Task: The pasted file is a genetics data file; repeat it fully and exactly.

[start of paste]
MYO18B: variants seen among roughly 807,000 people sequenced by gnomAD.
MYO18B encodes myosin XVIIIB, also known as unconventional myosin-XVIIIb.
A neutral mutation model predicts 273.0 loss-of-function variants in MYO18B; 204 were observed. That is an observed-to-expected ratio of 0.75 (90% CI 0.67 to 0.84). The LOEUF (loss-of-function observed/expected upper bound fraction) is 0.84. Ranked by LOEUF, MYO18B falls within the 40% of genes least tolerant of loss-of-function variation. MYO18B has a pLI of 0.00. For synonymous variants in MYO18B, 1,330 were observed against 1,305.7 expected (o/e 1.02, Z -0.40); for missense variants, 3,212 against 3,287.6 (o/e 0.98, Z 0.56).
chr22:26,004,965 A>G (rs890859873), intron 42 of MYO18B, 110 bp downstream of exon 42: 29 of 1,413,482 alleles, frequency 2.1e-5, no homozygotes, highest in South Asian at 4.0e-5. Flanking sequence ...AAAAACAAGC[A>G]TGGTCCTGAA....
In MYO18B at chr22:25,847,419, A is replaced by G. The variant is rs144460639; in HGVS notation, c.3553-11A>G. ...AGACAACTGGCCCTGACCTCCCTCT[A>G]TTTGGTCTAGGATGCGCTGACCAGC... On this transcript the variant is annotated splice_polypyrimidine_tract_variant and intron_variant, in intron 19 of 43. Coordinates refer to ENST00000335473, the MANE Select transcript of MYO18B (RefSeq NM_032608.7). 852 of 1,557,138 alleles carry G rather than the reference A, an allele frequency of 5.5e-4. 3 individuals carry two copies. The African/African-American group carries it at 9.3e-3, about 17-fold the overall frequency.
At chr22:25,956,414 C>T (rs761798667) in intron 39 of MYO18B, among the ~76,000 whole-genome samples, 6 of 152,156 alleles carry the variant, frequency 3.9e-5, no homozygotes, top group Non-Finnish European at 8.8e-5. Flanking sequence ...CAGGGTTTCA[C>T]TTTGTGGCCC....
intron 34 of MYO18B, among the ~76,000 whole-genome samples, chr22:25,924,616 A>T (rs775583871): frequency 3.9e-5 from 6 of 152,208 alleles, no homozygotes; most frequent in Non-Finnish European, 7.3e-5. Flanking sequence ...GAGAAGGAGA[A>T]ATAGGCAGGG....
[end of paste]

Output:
MYO18B: variants seen among roughly 807,000 people sequenced by gnomAD.
MYO18B encodes myosin XVIIIB, also known as unconventional myosin-XVIIIb.
A neutral mutation model predicts 273.0 loss-of-function variants in MYO18B; 204 were observed. That is an observed-to-expected ratio of 0.75 (90% CI 0.67 to 0.84). The LOEUF (loss-of-function observed/expected upper bound fraction) is 0.84. Ranked by LOEUF, MYO18B falls within the 40% of genes least tolerant of loss-of-function variation. MYO18B has a pLI of 0.00. For synonymous variants in MYO18B, 1,330 were observed against 1,305.7 expected (o/e 1.02, Z -0.40); for missense variants, 3,212 against 3,287.6 (o/e 0.98, Z 0.56).
chr22:26,004,965 A>G (rs890859873), intron 42 of MYO18B, 110 bp downstream of exon 42: 29 of 1,413,482 alleles, frequency 2.1e-5, no homozygotes, highest in South Asian at 4.0e-5. Flanking sequence ...AAAAACAAGC[A>G]TGGTCCTGAA....
In MYO18B at chr22:25,847,419, A is replaced by G. The variant is rs144460639; in HGVS notation, c.3553-11A>G. ...AGACAACTGGCCCTGACCTCCCTCT[A>G]TTTGGTCTAGGATGCGCTGACCAGC... On this transcript the variant is annotated splice_polypyrimidine_tract_variant and intron_variant, in intron 19 of 43. Coordinates refer to ENST00000335473, the MANE Select transcript of MYO18B (RefSeq NM_032608.7). 852 of 1,557,138 alleles carry G rather than the reference A, an allele frequency of 5.5e-4. 3 individuals carry two copies. The African/African-American group carries it at 9.3e-3, about 17-fold the overall frequency.
At chr22:25,956,414 C>T (rs761798667) in intron 39 of MYO18B, among the ~76,000 whole-genome samples, 6 of 152,156 alleles carry the variant, frequency 3.9e-5, no homozygotes, top group Non-Finnish European at 8.8e-5. Flanking sequence ...CAGGGTTTCA[C>T]TTTGTGGCCC....
intron 34 of MYO18B, among the ~76,000 whole-genome samples, chr22:25,924,616 A>T (rs775583871): frequency 3.9e-5 from 6 of 152,208 alleles, no homozygotes; most frequent in Non-Finnish European, 7.3e-5. Flanking sequence ...GAGAAGGAGA[A>T]ATAGGCAGGG....